By Bruce Stambaugh
For years, the extended Stambaugh family gathered as one at Thanksgiving. Not this year.
When I was a youngster, we had a rip roaring good time on Thanksgiving Day. Usually we celebrated with our cousins, the offspring of my mother and her two sisters. We would assemble at the old farmhouse of Uncle Kenny and Aunt Vivian, who we affectionately called Auntie Bibbles.
It was like Christmas before Christmas. With 17 cousins ranging from teenagers to toddlers, we relished the day together. We would play games inside and out, if the weather cooperated. I’m sure the adults privately prayed that it would.
Marvelous fragrances filled the old farmhouse from the array of good food cooking. The adults chatted while they prepared the savory meal. The family matriarch, Grandma Frith, oversaw all the action in her reserved but proud southern hospitable manner.
We occasionally had to wait on my father to arrive before we ate. Much to my mothers chagrin, Dad loved to hunt rabbits and pheasants on Thanksgiving morning. It wasn’t the hunting so much as being habitually late that drew Mom’s ire. Of course Dad has his tales to tell.
Once the meal was over and the kitchen and dishes cleaned, the adults joined in the merriment. If I remember correctly, they often raised more clamor than the kids. That’s because they were all good sports and lovingly embraced each other’s company.
As the families grew, the Thanksgiving tradition underwent a logical metamorphosis. Each of the three families began to celebrate the blessed day on their own. Most of the cousins were no longer children, but adults with spouses or significant others of their own. The rambunctious cousins were beginning to bear rambunctious children of their own, too.
My family would gather at the home where we were raised. Somehow we all managed to squeeze in the little brick bungalow. Realizing their place was a bit tight for the growing family, Mom and Dad added on to make more space for holiday gatherings.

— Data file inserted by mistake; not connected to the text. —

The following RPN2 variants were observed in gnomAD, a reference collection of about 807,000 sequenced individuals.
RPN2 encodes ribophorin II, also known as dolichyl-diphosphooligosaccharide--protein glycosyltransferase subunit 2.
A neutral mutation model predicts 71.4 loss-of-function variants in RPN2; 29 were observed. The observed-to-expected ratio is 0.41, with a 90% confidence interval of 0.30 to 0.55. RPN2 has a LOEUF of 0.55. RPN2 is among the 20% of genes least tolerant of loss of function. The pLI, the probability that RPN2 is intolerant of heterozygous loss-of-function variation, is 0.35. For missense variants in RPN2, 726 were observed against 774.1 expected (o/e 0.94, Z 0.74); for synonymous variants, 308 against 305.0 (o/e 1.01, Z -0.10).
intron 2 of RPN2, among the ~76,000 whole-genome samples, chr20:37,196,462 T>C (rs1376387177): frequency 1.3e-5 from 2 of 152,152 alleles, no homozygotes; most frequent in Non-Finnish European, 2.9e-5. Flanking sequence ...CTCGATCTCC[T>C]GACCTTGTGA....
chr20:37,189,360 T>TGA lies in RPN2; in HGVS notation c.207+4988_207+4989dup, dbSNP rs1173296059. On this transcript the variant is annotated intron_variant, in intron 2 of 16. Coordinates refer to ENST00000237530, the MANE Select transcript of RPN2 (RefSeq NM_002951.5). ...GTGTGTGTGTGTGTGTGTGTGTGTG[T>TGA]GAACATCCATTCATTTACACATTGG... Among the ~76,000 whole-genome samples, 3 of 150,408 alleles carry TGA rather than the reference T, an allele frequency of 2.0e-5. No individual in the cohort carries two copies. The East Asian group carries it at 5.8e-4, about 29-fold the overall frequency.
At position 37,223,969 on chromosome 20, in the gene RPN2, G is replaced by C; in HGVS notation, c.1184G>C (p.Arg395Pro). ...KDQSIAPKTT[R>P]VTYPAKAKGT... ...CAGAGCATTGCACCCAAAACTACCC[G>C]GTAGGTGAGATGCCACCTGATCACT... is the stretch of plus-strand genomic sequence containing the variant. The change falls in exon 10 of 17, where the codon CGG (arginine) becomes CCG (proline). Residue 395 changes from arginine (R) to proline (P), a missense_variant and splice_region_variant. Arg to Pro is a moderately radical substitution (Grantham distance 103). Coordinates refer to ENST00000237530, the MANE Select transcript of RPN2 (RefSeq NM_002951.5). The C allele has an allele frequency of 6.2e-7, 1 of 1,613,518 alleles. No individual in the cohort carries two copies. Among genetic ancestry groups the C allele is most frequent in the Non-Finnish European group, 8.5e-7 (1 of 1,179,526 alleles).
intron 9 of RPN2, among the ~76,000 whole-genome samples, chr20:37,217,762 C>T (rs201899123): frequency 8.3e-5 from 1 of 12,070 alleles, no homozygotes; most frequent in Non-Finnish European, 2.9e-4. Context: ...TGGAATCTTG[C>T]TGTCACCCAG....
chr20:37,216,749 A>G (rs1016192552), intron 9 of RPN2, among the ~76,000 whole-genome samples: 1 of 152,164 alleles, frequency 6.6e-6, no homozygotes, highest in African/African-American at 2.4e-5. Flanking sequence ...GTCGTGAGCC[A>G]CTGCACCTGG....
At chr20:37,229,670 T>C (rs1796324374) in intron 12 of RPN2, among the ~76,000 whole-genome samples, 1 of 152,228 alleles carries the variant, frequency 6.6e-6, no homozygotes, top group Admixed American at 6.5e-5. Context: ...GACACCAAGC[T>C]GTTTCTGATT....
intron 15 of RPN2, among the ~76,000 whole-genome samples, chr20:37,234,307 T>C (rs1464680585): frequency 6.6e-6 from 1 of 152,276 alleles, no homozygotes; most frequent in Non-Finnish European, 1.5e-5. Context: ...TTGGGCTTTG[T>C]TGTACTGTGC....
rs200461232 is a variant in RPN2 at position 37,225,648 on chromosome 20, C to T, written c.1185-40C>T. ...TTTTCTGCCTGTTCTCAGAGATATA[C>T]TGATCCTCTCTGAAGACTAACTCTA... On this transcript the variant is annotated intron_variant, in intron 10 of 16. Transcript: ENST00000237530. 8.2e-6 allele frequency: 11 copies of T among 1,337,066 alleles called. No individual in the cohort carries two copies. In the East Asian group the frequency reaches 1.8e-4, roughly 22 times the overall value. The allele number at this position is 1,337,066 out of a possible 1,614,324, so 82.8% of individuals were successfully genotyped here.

Each family chipped in with their specialty dishes to make the feast complete. Roast turkey, mashed potatoes and gravy, stuffing, candied sweet potatoes, cranberry sauce and, of course, pumpkin pie filled the table of plenty.
After the meal, Dad always had to turn on the Thanksgiving Day football game on the TV. No matter what else the assembled masses wanted to do, the game was part of the ritual.
Over the years the grandchildren, as they tend to do, grew into teenagers themselves. Today, they are all mature adults, productively contributing to society, using their various skills. Some with children of their own, they are scattered geographically from New York City to Atlanta, Ga. to Chicago, Ill. to Wooster, Ohio and places in between.
For our family, for the first time for as long as I can remember, there will be no collective Thanksgiving gathering for the Stambaugh side. Our mother died last April, and Dad has been gone since Christmas 2009. I think we all made every effort to meet for them as much as for the meal. Now that need is gone.
This Thanksgiving the families of my four siblings and mine will each do their own things. We are all right with that. We will embrace this new transition in our lives and be thankful for the day, the memories of the past and those to come.
It just may be our new Thanksgiving tradition.
This column was published in The Bargain Hunter, Millersburg, OH.
© Bruce Stambaugh 2012